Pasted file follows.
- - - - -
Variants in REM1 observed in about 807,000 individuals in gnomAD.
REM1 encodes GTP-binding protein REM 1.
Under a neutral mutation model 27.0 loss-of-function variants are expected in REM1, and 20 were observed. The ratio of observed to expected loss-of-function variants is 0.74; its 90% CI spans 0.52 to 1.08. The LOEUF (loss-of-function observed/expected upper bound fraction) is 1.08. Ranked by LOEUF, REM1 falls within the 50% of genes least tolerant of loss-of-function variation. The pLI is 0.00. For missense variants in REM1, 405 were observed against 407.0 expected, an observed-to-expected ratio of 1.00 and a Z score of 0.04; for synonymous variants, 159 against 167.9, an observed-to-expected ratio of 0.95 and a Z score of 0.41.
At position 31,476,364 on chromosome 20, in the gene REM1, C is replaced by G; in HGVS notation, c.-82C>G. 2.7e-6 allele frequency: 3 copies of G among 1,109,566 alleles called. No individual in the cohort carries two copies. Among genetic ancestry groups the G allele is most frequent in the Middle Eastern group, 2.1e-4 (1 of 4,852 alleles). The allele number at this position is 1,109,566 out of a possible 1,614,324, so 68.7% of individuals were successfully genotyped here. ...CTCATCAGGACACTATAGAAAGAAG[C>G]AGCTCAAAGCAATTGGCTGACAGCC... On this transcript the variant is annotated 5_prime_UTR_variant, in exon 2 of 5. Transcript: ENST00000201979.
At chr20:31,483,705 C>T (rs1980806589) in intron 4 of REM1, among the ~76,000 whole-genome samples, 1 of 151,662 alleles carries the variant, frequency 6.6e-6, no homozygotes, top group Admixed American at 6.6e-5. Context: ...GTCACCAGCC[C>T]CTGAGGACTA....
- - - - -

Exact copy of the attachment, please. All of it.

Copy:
Variants in REM1 observed in about 807,000 individuals in gnomAD.
REM1 encodes GTP-binding protein REM 1.
Under a neutral mutation model 27.0 loss-of-function variants are expected in REM1, and 20 were observed. The ratio of observed to expected loss-of-function variants is 0.74; its 90% CI spans 0.52 to 1.08. The LOEUF (loss-of-function observed/expected upper bound fraction) is 1.08. Ranked by LOEUF, REM1 falls within the 50% of genes least tolerant of loss-of-function variation. The pLI is 0.00. For missense variants in REM1, 405 were observed against 407.0 expected, an observed-to-expected ratio of 1.00 and a Z score of 0.04; for synonymous variants, 159 against 167.9, an observed-to-expected ratio of 0.95 and a Z score of 0.41.
At position 31,476,364 on chromosome 20, in the gene REM1, C is replaced by G; in HGVS notation, c.-82C>G. 2.7e-6 allele frequency: 3 copies of G among 1,109,566 alleles called. No individual in the cohort carries two copies. Among genetic ancestry groups the G allele is most frequent in the Middle Eastern group, 2.1e-4 (1 of 4,852 alleles). The allele number at this position is 1,109,566 out of a possible 1,614,324, so 68.7% of individuals were successfully genotyped here. ...CTCATCAGGACACTATAGAAAGAAG[C>G]AGCTCAAAGCAATTGGCTGACAGCC... On this transcript the variant is annotated 5_prime_UTR_variant, in exon 2 of 5. Transcript: ENST00000201979.
At chr20:31,483,705 C>T (rs1980806589) in intron 4 of REM1, among the ~76,000 whole-genome samples, 1 of 151,662 alleles carries the variant, frequency 6.6e-6, no homozygotes, top group Admixed American at 6.6e-5. Context: ...GTCACCAGCC[C>T]CTGAGGACTA....